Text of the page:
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Prose Parade
Grammar and writing basics

May 30, 2009

Me, Myself and I, Part 3

Ok, now we come to “myself.” I don’t know why people use it instead of “I” or “me,” but they do. For example, “Those tickets are for myself and Robert.” No, they’re not. They’re for “me and Robert.” Well, actually, they’re for “Robert and me.” but who’s counting? Or “Myself and Robert went to the concert.” Nah. “Robert and I went to the concert.”

Now, hang on to your hats. There is a rule for when to use “myself” and all the other selves. It starts by identifying those words that have the suffix “-self” or “-selves” as reflexive pronouns. That means the “-self” refers to someone. Ah ha! So, if it refers to someone, then that someone’s identity has to appear somewhere before the “-self.” Get it? For example, “I rewired the house myself.” Look! “Myself refers to “I.” (BTW, if you think I can rewire a house, be prepared to see a blazing fire and my house in cinders.) The “I” has to come before the “myself.” So, it’s “he himself,” she herself,” etc.

The “-self”s can also be used for emphasis. For example, “I myself rewired the house.” That shows how a big a deal it is. (Not how big OF a deal, but we’ll deal with that one later.)

So, no more “myself” as subject of the sentence even if you think it sounds more polite. It ain’t polite, and it ain’t grammatically correct. If the sentence doesn’t start with one of the personal pronouns (I, me, you, it, we, they) or a proper noun (capital letter time), then don’t use “-self.” Period.

May 28, 2009

Me, Myself and I, Part 2

Sorry, I’ve taken so long to get back to the subject, but I’ve had a few hectic days.

Now, though, let’s talk about “me.” The word “me” is the objective case of the word “I.” Remember, it’s irregular.

The objective case is used in direct and indirect objects and as the object of the preposition. (Look in the Parts of Speech and Parts of the Sentence pages for more info.)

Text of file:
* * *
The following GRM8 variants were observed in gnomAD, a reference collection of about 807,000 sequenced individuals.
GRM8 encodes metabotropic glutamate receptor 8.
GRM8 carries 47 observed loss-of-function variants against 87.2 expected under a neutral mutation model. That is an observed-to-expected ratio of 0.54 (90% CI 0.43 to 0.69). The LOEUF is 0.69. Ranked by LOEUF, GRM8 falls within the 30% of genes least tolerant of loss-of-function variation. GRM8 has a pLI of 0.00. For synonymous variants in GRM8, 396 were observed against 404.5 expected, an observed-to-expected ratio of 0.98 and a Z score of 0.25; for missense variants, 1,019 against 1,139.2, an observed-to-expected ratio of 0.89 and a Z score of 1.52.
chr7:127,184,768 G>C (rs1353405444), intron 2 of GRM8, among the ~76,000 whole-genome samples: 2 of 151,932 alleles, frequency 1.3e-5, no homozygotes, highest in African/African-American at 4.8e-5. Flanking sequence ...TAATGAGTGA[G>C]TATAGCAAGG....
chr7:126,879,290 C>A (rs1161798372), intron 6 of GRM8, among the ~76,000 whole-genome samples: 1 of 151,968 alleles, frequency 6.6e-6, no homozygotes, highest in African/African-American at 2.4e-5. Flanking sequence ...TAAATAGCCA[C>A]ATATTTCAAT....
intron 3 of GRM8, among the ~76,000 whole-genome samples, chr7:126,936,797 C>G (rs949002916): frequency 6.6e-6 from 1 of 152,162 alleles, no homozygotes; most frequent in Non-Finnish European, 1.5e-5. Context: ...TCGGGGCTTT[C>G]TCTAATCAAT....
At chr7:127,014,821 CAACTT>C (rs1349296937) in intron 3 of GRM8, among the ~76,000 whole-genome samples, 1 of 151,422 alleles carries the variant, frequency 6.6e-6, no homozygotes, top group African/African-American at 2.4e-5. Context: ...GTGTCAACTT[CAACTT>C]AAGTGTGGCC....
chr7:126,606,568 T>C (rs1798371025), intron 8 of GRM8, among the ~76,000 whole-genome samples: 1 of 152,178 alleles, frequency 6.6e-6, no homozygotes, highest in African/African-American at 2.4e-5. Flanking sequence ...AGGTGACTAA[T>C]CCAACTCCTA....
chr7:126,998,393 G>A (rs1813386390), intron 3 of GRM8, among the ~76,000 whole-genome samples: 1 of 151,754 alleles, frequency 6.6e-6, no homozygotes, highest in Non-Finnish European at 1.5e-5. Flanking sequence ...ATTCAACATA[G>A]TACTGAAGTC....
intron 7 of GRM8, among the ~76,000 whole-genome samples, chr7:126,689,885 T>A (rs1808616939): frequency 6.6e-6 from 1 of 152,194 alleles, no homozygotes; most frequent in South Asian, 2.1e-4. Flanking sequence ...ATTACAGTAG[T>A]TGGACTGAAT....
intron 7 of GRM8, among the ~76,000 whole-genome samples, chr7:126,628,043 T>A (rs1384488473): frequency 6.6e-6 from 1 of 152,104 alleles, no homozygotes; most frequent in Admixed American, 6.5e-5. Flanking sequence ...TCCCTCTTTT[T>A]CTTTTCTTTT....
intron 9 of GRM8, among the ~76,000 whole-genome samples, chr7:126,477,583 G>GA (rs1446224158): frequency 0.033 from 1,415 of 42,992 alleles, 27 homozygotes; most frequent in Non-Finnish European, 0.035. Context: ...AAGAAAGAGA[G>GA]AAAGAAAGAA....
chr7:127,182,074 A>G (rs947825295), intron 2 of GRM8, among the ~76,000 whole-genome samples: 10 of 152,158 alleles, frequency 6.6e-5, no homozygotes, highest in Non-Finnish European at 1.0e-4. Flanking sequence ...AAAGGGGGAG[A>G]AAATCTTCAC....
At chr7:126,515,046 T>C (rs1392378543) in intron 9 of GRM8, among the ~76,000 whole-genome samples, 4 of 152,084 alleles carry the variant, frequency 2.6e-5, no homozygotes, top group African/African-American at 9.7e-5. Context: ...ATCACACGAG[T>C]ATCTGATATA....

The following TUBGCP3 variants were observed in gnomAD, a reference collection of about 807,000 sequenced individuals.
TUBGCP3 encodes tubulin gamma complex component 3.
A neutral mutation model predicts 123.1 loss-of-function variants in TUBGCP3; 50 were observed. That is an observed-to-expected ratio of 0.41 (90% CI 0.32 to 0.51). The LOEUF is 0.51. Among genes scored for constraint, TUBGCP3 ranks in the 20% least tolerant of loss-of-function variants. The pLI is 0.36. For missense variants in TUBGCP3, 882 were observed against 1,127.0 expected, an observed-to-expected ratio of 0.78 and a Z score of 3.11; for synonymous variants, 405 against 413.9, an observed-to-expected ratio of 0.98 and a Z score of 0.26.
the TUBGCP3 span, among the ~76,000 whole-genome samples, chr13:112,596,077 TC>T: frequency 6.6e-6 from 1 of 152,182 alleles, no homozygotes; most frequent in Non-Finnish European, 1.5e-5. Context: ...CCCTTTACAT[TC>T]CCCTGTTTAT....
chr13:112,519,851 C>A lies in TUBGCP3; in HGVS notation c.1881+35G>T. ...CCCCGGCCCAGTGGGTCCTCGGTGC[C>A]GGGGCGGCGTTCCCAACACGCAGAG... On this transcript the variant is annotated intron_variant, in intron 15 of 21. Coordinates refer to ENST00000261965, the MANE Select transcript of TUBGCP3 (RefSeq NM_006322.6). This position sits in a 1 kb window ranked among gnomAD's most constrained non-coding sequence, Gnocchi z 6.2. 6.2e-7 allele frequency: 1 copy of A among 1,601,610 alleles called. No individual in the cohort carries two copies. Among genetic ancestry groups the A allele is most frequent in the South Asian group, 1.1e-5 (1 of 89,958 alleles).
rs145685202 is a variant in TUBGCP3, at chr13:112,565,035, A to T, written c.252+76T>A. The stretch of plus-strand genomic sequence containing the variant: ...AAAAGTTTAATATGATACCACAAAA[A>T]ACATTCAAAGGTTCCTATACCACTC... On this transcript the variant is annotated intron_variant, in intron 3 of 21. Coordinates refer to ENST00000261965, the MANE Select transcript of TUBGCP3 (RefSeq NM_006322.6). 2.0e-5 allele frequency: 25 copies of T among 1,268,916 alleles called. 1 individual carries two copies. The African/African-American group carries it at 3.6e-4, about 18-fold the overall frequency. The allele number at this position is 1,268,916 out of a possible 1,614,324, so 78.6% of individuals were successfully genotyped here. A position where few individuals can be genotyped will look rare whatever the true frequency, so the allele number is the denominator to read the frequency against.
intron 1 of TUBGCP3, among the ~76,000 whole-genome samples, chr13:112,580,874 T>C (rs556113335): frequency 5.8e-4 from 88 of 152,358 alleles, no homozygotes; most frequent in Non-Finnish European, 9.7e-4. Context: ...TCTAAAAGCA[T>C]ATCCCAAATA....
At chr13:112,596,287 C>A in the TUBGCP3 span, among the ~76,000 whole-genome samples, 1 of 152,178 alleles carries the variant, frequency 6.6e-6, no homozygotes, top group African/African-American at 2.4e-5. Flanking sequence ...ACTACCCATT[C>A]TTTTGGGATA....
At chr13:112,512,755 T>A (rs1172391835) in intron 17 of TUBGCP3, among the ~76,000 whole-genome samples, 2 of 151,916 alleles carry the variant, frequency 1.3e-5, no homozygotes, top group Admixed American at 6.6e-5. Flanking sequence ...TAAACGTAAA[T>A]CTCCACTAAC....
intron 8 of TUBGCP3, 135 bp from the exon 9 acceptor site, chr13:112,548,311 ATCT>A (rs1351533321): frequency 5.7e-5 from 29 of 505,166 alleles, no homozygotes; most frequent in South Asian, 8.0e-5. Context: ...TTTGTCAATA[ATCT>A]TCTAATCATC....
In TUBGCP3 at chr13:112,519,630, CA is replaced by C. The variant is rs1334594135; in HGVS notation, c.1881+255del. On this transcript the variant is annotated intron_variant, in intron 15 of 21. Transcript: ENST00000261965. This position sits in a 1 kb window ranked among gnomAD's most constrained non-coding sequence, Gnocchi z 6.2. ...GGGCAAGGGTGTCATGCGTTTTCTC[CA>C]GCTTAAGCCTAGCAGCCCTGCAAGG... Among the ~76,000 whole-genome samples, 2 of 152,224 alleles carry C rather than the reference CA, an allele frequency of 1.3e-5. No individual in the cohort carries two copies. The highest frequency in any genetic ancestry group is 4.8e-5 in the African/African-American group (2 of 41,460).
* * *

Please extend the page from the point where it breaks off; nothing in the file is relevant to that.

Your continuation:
For example, “Give the book to me.” object of the preposition to.
“Give me the book.” indirect object
“Jim drove me to the library.” direct object

So, OK, “me” can never, never, ever act as the subject of a sentence because it’s the objective case, and the subject of a sentence is the nominative case. The objective case will always be acted upon in some way.

If you’re tempted to write, “Me and my friend was going to the movies,” think before you do and while you’re thinking, remove the words “and my friend.” Would you say, “Me was going to the movies”? Of course not. Then, don’t do it just because there’s a compound subject.

“Me” and “I” are forms of the same word, but they have entirely different functions in a sentence, and never the twain shall meet.

May 23, 2009

Me, Myself and I, Part 1

Pronouns are not simple. One reason they aren’t is because they’re the only words in English that have case endings, and not only case endings, but they’re also irregular. The one we’ll deal with now is “I.”

“I,” if you care, is the nominative case. This means that “I” is the subject of a sentence. It’s also a predicate nominative, which means it comes after the verb, but the verb has to be a form of the verb “to be.” To put it more simply, there are only two uses for the word “I.”

For example, “I came. I saw. I conquered.” (with many thanks to Julius Caesar) See, it’s the subject of the sentence.

An example of a predicate nominative is: “It is I.” Yes, I know we say “me,” but that’s wrong except in casual conversation. Then, who cares. Everyone gets the meaning.

OK, if “I” can only be the subject or predicate nominative, then why do I see any of the following:

“Me and my friend was going to the movies.”
“Keep this strictly between you and I.”
“Myself and John wrote the report.”

Holy smoke, people. What happened to our language?

For the record:

“My friend and I were going to the movies.”
“Keep this strictly between you and me.”
John and I wrote the report.”

May 20, 2009